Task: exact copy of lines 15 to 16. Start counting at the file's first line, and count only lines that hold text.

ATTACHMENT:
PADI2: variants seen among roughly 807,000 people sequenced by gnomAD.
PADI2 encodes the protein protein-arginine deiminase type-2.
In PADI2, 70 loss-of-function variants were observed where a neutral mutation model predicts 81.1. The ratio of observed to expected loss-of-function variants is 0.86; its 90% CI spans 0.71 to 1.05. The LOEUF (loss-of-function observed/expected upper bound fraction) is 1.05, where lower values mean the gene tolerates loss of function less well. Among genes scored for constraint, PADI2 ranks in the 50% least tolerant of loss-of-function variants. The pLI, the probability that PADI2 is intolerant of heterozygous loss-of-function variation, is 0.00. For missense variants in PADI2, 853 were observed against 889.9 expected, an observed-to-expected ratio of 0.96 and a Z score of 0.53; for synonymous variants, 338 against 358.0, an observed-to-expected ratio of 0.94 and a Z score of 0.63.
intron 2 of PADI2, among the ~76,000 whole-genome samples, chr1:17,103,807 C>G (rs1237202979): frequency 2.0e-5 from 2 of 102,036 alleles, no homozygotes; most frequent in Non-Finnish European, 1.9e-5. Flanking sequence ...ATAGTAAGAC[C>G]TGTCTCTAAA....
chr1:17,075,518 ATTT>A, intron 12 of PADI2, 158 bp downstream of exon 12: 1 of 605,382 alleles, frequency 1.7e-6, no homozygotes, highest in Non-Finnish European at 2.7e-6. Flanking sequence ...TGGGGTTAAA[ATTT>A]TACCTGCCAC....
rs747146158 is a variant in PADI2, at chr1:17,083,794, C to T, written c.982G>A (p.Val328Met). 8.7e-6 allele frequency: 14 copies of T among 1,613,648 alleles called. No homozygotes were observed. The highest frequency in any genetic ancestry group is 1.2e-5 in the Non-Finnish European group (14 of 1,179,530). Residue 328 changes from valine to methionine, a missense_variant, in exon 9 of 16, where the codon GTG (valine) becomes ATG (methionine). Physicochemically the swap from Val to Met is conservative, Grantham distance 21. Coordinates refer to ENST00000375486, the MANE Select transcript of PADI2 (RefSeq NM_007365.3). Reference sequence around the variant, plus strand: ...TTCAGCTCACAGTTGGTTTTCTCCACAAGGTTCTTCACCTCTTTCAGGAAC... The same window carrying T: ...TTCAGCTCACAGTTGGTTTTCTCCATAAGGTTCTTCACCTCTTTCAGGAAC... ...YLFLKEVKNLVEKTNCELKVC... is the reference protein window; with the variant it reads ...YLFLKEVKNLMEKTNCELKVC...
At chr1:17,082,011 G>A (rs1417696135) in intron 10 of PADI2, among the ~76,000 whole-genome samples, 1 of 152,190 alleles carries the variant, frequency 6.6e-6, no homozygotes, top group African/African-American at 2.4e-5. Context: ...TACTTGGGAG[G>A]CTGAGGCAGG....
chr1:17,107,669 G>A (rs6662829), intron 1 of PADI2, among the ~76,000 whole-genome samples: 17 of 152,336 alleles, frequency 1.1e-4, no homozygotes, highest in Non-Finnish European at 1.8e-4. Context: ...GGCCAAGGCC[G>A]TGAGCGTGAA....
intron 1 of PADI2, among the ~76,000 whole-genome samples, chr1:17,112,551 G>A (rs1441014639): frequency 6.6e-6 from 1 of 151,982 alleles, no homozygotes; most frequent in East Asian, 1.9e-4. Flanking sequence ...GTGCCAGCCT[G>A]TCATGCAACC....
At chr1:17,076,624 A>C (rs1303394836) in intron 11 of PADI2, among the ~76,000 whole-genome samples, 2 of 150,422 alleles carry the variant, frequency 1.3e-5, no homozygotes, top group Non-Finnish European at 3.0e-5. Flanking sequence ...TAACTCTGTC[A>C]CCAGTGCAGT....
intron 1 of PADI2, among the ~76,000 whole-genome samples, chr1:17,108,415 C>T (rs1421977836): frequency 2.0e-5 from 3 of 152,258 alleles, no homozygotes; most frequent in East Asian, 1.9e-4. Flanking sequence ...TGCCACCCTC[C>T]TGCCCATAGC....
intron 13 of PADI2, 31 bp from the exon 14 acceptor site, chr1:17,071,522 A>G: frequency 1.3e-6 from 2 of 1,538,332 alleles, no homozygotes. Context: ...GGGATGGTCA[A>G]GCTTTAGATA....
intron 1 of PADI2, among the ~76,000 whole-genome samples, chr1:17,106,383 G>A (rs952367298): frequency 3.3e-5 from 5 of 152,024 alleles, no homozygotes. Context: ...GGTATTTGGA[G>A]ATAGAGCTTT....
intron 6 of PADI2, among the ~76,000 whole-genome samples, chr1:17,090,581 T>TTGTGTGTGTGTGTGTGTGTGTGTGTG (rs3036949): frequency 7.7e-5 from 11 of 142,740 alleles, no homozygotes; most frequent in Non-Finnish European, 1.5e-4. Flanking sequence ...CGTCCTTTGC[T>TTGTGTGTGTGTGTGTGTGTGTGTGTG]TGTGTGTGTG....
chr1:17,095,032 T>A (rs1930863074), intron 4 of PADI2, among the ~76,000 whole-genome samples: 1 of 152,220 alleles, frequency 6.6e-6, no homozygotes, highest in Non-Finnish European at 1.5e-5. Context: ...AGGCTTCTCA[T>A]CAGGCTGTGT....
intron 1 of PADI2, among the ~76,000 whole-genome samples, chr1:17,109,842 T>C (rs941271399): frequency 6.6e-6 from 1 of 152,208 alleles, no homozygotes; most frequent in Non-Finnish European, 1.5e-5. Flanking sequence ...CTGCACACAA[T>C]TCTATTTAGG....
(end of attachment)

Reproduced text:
chr1:17,095,032 T>A (rs1930863074), intron 4 of PADI2, among the ~76,000 whole-genome samples: 1 of 152,220 alleles, frequency 6.6e-6, no homozygotes, highest in Non-Finnish European at 1.5e-5. Context: ...AGGCTTCTCA[T>A]CAGGCTGTGT....
intron 1 of PADI2, among the ~76,000 whole-genome samples, chr1:17,109,842 T>C (rs941271399): frequency 6.6e-6 from 1 of 152,208 alleles, no homozygotes; most frequent in Non-Finnish European, 1.5e-5. Flanking sequence ...CTGCACACAA[T>C]TCTATTTAGG....